For this, more colourful project, I've created a set of tulip images using 12" square coloured-gradient card I had lying around. Although I used two softboxes to light the subject, you can achieve a similar effect using a desktop lamp (with daylight bulb) and light from a nearby window.
Influenced by Andy Warhol's famous Marilyn Monroe art, I took four identical images of the same flower using the same 100mm lens I used for last week's images, changing the background each time.
Once imported into Lightroom Classic, I used the tone curve to enhance one of the images' contrast before copying and pasting the settings to the other three images like so...
- Right-click on the processed image and choose 'Develop Settings' > 'Copy Settings' (Copy all options).
- Select the next image, right-click and choose 'Develop Settings' > 'Paste Settings'. Repeat for the final two images.
To create a 4-square 'Warhol' look, we will use Lightroom's Print Module (Click the related thumbnail at the bottom of the page for an enlarged view . As I am a Mac user, PC users may find a slight difference in layout).
- Select the Print module and click the Page Setup button, bottom left [Screenshot 1].
- In the pop-up dialogue box that appears, click on 'Paper Size' and choose 'Manage Custom Sizes' down at the bottom of the list [Screenshot 1].
- Click the '+' option and type in the size of the image you would like to create (I chose a relatively large 420mm square just in case I want to make a sizeable poster-sized image in the future) [Screenshot 2].
- Set all margins (non-printable area) to zero [Screenshot 2].
- Click OK [Screenshot 2].
You have now created the square canvas within which we are going to insert our four images. We, therefore, need to create 4 square cells with which we can place our 4 individual images.
- In the right column, find the 'Cells' section and click the down arrow next to one of the buttons [Screenshot 3].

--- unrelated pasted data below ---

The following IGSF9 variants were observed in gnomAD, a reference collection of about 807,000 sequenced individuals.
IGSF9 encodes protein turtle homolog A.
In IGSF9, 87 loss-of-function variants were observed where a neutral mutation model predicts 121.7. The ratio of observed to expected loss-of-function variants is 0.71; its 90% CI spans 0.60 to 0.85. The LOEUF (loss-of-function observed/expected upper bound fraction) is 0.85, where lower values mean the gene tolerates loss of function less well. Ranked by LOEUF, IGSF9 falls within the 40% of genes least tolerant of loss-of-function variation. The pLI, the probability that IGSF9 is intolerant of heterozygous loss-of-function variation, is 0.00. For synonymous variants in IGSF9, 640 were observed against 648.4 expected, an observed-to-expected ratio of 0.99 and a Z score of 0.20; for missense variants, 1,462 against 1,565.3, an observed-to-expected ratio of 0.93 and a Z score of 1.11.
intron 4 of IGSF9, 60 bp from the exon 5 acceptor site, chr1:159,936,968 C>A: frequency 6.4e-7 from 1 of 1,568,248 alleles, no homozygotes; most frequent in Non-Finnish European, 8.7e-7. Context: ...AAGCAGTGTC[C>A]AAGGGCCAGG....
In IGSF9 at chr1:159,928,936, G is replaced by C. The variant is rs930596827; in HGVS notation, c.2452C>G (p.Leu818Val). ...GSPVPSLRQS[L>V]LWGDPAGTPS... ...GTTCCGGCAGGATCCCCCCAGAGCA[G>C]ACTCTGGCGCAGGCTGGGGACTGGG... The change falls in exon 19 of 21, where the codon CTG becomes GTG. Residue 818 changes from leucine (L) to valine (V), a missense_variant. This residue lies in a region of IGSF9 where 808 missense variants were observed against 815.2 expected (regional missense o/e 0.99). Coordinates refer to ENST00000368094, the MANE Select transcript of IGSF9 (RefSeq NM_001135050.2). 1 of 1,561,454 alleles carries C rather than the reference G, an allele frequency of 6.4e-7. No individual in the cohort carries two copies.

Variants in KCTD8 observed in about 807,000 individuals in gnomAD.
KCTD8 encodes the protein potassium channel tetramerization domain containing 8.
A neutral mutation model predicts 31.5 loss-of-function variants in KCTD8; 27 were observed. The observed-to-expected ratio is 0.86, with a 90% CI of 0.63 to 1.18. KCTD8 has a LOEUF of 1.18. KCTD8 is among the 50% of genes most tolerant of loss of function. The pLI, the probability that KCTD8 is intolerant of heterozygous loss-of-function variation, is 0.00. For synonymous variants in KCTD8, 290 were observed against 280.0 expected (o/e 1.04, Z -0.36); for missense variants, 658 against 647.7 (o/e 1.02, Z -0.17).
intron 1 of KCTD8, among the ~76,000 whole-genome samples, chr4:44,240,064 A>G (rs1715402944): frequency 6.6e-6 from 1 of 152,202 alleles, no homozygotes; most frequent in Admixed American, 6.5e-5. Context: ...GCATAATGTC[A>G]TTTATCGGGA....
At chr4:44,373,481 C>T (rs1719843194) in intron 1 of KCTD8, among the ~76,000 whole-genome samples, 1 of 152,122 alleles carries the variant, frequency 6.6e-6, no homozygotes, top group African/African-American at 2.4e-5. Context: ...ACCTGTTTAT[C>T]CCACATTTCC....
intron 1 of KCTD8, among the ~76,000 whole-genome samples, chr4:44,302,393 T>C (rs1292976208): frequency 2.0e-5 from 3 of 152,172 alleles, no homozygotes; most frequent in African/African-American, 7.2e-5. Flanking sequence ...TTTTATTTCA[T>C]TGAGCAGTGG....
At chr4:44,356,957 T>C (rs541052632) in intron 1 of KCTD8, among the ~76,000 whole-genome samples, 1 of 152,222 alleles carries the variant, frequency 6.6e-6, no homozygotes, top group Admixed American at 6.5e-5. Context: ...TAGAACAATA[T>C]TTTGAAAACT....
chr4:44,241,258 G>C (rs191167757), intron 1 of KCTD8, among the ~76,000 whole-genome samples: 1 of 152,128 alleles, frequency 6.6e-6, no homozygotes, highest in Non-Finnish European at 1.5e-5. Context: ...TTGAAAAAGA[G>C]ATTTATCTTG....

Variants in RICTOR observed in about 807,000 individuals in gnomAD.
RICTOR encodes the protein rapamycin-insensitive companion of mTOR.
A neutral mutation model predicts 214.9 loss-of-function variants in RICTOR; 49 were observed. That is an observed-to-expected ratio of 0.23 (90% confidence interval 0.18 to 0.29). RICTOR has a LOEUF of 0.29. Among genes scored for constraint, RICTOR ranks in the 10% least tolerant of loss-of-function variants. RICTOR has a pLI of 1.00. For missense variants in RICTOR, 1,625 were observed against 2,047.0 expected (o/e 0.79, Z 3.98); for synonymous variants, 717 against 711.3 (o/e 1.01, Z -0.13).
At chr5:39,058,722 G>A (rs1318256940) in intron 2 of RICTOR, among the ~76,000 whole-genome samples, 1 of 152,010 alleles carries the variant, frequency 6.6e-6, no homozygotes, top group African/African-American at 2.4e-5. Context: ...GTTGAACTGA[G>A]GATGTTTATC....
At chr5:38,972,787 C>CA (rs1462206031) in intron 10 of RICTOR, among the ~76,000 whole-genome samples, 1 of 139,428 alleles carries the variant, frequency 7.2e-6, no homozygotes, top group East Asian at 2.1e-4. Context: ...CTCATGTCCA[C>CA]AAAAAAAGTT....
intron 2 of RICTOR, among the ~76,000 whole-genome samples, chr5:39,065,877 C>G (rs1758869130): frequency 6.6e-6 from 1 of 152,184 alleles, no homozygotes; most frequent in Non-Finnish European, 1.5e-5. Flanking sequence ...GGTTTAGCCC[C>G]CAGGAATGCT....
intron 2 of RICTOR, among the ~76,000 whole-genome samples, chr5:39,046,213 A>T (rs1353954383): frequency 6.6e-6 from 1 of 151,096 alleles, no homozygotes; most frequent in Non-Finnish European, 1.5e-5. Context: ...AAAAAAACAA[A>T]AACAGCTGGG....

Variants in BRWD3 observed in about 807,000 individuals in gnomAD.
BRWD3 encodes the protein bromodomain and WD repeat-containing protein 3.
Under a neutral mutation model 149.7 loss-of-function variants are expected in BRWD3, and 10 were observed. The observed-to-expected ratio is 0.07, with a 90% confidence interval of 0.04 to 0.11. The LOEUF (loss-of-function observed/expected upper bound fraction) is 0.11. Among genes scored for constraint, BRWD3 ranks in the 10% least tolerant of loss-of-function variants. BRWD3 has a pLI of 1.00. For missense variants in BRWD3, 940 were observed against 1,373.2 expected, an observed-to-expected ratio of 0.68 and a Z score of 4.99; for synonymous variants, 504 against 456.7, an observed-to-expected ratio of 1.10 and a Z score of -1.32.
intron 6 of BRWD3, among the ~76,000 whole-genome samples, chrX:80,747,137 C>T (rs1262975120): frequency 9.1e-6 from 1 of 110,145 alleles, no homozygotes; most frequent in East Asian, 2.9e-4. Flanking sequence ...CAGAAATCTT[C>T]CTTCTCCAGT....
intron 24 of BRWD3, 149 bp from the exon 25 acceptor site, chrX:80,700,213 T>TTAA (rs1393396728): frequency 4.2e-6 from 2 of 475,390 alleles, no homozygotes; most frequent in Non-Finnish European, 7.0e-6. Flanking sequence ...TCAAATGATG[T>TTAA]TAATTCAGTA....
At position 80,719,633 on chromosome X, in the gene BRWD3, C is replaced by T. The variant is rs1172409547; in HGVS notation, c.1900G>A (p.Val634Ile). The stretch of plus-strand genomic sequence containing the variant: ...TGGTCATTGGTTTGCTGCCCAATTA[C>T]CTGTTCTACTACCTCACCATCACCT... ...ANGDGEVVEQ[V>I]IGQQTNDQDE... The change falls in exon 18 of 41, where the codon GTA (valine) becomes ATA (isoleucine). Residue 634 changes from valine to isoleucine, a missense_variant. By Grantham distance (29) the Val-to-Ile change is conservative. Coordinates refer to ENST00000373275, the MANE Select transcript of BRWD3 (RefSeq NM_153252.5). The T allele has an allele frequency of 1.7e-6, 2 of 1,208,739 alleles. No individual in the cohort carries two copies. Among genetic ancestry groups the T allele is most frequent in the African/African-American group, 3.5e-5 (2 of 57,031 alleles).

- Choose 'Edit'.
- Type in 21 cm to both boxes and click 'Add' [Screenshot 4].
- A square cell will appear on the white canvas. Click and drag this to the left corner. Repeat steps 1 to 4 to create another three cells, placing them in a 4-square 'Warhol' shape.
- From the Filmstrip at the bottom, click and drag your desired image into one of the four cells of your choice - repeating for the other 3 until you have your four images places in a 4-square [screenshot 5].
We now need to convert these 4 images into a single 'Warhol' image.
- In the 'Print Job' section in the right panel, choose 'Jpeg File' in the 'Print To' section [screenshot 6].
- For File Resolution choose around 300-400 ppi for this size of image (unlike what it says in the screenshot 6) [screenshot 6].
- Keep Jpeg Quality 'High' (you don't know yet, what quality you will ever need) [screenshot 6].
- Choose 'Adobe RGB' (In case you need a quality 16-bit print) [screenshot 6].
- Leave all other settings as they are [screenshot 6].
- Click the 'Print to File' button,
- In the pop-up box that appears, give the file a name and save it back into the original folder from where your original images originated (to keep them all together) and click 'Save'.
Your image has now been saved. However, Lightroom will not be able to see it until Imported back into the Library. Therefore...
- Return to the Library Module and, in the left column, navigate to the folder where you have placed the 'Warhol' image.
- Right-click on the filename of the folder and choose 'Synchronise Folder' from the pop-up box that appears [screenshot 7].
- Lightroom should detect the image, so simply click the 'Synchronise' button [screenshot 8].
- Your image will be imported back into Lightroom and added to the folder you selected.
You should now have a nice 'Warhol' effect image ready for whatever you want it for. Of course, it would make an ideal large print or canvas. Or why not include it with all the separate images to create a simple artisan Japanese-style book for your coffee table? Have fun!!